Data Protection Commission issues Updated Guidance on Processing COVID-19 Vaccination Data
The Data Protection Commission has issued updated Guidance on Processing COVID-19 Vaccination Data in the context of Employment and the Work Safely Protocol here.
While the substantive advice on processing vaccination status data has not changed (it is not necessary and legitimate to process vaccination status in order to manage COVID-19 in the workplace), the Guidance now specifically states that if the public health advice was to change in this regard, then that could potentially provide a legitimate basis for such processing by employers. Helpfully, it also notes that the primary source of public health advice in this context is the Work Safely Protocol here. It also states that the Guidance will be further updated should public health advice change.
The Guidance refers to the concept of data minimisation and points out that: the full suite of the infection prevention and control measures set out in the Protocol should be considered before making any assessment as to whether knowledge of vaccination status is necessary. Employers should implement all such measures that avoid processing the personal data of employees in the first place.
It reiterates that the Protocol makes it clear that the decision to get a vaccine is voluntary, which “suggests that COVID-19 vaccination should not in general be considered a necessary workplace safety measure and consequently, the processing of vaccine data is unlikely to be necessary or proportionate in the most employment contexts”. It then considers certain specific employment contexts within which the processing of vaccination status data may be deemed necessary, subject to a risk assessment and with reference to sector-specific public health guidance (for example, as provided for under the Safety, Health and Welfare at Work (Biological Agents) Regulations 2013 and 2020 or in the provision of healthcare services, where vaccination can be considered a necessary safety measure, based on relevant sector specific guidance).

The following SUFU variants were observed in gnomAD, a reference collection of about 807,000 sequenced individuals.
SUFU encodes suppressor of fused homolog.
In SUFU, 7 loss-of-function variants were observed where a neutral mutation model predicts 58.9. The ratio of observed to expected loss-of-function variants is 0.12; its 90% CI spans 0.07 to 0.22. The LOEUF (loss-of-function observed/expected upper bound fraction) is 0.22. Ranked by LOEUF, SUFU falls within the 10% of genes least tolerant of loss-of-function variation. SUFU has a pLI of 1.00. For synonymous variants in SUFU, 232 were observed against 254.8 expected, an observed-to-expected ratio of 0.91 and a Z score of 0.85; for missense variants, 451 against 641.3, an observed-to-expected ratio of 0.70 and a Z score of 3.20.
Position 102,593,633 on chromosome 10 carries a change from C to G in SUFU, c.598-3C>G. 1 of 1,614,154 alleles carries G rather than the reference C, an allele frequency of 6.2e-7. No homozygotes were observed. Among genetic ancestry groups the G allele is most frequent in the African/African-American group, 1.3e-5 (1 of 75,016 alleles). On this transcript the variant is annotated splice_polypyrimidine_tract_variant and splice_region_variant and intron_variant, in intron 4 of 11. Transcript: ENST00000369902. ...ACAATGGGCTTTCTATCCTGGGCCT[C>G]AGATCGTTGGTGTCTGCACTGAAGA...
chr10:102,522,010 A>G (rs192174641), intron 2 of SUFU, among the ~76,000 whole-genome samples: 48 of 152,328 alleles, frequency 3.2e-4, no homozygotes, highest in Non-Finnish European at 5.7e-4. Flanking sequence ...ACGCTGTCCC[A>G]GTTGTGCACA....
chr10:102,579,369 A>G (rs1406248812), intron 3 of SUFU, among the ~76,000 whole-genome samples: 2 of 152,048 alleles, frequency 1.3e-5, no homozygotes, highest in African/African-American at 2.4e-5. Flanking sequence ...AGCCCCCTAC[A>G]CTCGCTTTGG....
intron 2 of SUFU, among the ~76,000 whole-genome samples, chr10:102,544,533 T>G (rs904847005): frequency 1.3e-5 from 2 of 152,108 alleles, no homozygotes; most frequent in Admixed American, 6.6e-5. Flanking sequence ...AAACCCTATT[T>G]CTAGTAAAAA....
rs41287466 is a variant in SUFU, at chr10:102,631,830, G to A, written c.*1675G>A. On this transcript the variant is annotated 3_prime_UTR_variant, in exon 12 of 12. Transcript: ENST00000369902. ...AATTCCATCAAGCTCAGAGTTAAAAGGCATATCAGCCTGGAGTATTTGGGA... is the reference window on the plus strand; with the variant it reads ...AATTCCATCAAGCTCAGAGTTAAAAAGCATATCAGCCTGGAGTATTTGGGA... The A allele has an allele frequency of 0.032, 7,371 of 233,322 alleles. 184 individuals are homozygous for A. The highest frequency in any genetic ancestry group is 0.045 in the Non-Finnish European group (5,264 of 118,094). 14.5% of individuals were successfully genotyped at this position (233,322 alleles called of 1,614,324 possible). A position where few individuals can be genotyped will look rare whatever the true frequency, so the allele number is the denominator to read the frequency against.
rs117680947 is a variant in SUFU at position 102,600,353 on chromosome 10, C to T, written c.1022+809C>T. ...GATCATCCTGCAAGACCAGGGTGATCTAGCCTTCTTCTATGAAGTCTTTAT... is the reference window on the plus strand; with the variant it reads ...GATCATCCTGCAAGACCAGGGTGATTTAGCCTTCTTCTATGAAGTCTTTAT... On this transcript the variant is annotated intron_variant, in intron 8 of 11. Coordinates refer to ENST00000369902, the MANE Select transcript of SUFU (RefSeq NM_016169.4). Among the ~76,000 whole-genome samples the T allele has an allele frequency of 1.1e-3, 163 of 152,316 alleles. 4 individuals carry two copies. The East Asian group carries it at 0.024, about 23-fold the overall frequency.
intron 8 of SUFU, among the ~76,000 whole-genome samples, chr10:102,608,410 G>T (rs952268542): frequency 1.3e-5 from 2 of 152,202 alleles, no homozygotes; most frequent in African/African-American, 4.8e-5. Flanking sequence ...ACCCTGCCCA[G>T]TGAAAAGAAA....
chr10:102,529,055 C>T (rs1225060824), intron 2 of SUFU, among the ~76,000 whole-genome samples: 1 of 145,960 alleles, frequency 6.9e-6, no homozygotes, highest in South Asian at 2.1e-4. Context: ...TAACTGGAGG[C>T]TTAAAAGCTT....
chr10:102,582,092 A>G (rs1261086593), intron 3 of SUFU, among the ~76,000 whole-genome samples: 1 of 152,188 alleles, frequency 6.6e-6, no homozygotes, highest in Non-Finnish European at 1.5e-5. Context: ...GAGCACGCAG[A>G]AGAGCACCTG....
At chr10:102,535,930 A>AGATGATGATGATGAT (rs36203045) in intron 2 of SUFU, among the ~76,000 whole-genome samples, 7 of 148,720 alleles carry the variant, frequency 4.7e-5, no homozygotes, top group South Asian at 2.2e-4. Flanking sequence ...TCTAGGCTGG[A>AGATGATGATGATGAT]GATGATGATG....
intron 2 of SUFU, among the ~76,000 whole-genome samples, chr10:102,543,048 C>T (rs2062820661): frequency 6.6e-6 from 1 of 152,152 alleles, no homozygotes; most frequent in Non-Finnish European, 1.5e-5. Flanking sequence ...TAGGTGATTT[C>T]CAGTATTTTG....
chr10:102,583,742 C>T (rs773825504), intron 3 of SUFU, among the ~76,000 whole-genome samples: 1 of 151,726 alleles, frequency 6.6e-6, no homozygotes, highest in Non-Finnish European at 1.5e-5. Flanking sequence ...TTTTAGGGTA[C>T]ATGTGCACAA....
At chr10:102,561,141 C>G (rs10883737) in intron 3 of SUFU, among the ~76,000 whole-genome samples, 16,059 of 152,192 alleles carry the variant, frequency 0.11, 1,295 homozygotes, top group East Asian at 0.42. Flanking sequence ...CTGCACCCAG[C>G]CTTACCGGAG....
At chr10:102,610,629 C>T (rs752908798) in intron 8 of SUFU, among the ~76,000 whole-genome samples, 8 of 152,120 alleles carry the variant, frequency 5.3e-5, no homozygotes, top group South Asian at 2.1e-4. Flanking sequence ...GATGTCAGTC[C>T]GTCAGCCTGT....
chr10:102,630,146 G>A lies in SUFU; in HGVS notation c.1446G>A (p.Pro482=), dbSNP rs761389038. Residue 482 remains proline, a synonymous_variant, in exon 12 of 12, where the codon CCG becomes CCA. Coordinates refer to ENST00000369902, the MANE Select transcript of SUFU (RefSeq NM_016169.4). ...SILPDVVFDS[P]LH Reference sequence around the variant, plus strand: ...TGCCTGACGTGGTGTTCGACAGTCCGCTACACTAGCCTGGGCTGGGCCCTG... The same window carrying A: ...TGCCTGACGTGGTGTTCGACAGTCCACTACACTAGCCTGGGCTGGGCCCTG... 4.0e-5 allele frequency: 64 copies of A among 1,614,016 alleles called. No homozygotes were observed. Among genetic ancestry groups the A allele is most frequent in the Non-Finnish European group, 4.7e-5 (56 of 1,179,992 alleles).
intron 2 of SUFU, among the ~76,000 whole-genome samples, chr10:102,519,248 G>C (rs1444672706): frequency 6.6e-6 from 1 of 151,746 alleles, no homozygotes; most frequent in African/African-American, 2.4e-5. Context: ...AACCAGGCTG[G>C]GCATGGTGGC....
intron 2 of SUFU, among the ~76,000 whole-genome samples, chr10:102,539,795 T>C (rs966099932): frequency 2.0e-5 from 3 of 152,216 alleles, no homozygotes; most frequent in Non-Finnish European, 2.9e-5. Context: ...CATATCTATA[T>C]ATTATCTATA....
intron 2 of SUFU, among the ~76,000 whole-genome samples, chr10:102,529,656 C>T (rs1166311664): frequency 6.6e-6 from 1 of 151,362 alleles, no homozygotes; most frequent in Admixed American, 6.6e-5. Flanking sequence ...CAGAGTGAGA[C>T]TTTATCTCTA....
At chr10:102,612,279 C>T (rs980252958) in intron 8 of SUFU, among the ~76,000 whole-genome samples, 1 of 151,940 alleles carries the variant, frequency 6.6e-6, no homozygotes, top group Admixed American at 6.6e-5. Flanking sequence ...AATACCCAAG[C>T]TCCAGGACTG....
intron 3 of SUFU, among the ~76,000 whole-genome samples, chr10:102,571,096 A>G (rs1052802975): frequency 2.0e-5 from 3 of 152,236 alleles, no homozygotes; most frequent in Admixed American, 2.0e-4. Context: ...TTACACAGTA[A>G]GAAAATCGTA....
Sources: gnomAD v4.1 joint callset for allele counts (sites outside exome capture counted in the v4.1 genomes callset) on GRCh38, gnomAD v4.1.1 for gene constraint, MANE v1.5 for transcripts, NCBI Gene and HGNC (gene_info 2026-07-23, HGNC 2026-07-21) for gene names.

It also reminds that employees should not be asked to consent to the processing of vaccine data, as this consent is not likely to be freely given due to the imbalance of power between parties.
Finally, the Guidance makes it clear that, in the course of carrying out their public health duties, a Medical Officer of Health may require access to the vaccination status of employees, which may occur where an outbreak has been identified in a workplace, and is specifically permissible under data protection law where carried out on a case-by-case basis, subject to the determination of necessity and at the request of the Medical Officer of Heath.